All for the Dogs

The Iditarod and the mushers pride themselves on making sure that the dogs are always healthy and safe. Throughout the race, volunteer veterinarians can be seen routinely performing examinations on the dogs. Even if they appear to be in great condition, vets still check their health and status.

This year, there’s approximately 50 volunteer vets dispersed throughout the various checkpoints. They come from many different places including the U.S., Australia, Ireland, Canada and Germany.

When the vets perform a physical exam, they typically use the acronym, H.A.W.L., to guide them. Here’s what each letter stands for:  

H for heart and hydration:

  • How’s the heart rate and heart rhythm? (100-130 bpm)
  • Are the dogs hydrated and how are the hydration levels?

A for attitude and appetite:

  • Are the dogs peppy, alert, and rearing to go? Or, are they disengaged and dragging?
  • How’s the dogs’ appetite? Are they eating and eating enough?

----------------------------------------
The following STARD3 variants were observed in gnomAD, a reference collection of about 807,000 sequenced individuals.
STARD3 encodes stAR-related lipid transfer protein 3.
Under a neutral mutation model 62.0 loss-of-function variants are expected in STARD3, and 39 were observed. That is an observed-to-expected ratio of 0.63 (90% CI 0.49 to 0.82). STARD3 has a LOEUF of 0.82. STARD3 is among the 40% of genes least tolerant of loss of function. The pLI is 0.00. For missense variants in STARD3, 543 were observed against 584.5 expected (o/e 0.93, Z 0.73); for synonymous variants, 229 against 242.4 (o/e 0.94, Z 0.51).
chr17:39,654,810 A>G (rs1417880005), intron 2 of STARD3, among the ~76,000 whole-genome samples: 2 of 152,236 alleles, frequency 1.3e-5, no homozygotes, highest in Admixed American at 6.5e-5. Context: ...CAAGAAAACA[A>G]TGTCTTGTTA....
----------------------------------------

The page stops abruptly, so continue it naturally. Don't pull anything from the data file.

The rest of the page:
W for weight:

  • To travel thousands of miles, the dogs need plenty of fat reserves, even while eating thousands of calories a day. Do the dogs have an appropriate weight?

L for lungs:

  • Strong lungs are critical. Vets want to listen and make sure that the dogs are not coughing or wheezing.

Jeff King speaking with a volunteer vet at Nikolai

It is estimated that during the race, about 10,000 vet exams take place! We are very appreciative of our volunteer vets and all their hard work!

***Teachers*** Acronyms are very helpful, especially with remembering things. Have your students generate a list of acronyms that they are familiar with. You can challenge students to turn Iditarod into an acronym. Or, have students review some of the terms from the Iditarod glossary. They can select one of the words and turn it into an acronym.